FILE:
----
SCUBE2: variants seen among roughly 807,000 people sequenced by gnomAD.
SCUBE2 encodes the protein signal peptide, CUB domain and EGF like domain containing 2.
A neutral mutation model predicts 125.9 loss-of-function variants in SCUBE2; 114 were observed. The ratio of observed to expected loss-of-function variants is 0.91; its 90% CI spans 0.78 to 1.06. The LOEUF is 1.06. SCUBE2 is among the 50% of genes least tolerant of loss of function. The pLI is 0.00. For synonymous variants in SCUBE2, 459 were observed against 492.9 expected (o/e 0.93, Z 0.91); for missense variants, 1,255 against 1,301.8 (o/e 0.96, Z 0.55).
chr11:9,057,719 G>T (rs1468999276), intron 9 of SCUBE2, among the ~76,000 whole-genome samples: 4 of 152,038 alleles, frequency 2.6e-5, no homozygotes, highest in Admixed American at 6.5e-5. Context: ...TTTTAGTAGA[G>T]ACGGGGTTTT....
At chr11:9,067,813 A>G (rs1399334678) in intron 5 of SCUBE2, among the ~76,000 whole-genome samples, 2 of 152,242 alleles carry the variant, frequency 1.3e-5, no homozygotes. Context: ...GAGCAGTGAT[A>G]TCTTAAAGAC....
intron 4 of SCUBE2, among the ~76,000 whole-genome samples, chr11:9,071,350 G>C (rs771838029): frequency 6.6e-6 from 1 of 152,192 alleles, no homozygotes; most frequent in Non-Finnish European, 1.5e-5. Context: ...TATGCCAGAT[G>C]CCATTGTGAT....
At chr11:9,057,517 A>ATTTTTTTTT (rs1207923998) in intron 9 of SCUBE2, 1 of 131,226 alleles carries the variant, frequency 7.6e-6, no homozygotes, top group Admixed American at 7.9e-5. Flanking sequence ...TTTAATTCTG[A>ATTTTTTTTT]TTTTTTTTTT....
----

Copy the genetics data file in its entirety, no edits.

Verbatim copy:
SCUBE2: variants seen among roughly 807,000 people sequenced by gnomAD.
SCUBE2 encodes the protein signal peptide, CUB domain and EGF like domain containing 2.
A neutral mutation model predicts 125.9 loss-of-function variants in SCUBE2; 114 were observed. The ratio of observed to expected loss-of-function variants is 0.91; its 90% CI spans 0.78 to 1.06. The LOEUF is 1.06. SCUBE2 is among the 50% of genes least tolerant of loss of function. The pLI is 0.00. For synonymous variants in SCUBE2, 459 were observed against 492.9 expected (o/e 0.93, Z 0.91); for missense variants, 1,255 against 1,301.8 (o/e 0.96, Z 0.55).
chr11:9,057,719 G>T (rs1468999276), intron 9 of SCUBE2, among the ~76,000 whole-genome samples: 4 of 152,038 alleles, frequency 2.6e-5, no homozygotes, highest in Admixed American at 6.5e-5. Context: ...TTTTAGTAGA[G>T]ACGGGGTTTT....
At chr11:9,067,813 A>G (rs1399334678) in intron 5 of SCUBE2, among the ~76,000 whole-genome samples, 2 of 152,242 alleles carry the variant, frequency 1.3e-5, no homozygotes. Context: ...GAGCAGTGAT[A>G]TCTTAAAGAC....
intron 4 of SCUBE2, among the ~76,000 whole-genome samples, chr11:9,071,350 G>C (rs771838029): frequency 6.6e-6 from 1 of 152,192 alleles, no homozygotes; most frequent in Non-Finnish European, 1.5e-5. Context: ...TATGCCAGAT[G>C]CCATTGTGAT....
At chr11:9,057,517 A>ATTTTTTTTT (rs1207923998) in intron 9 of SCUBE2, 1 of 131,226 alleles carries the variant, frequency 7.6e-6, no homozygotes, top group Admixed American at 7.9e-5. Flanking sequence ...TTTAATTCTG[A>ATTTTTTTTT]TTTTTTTTTT....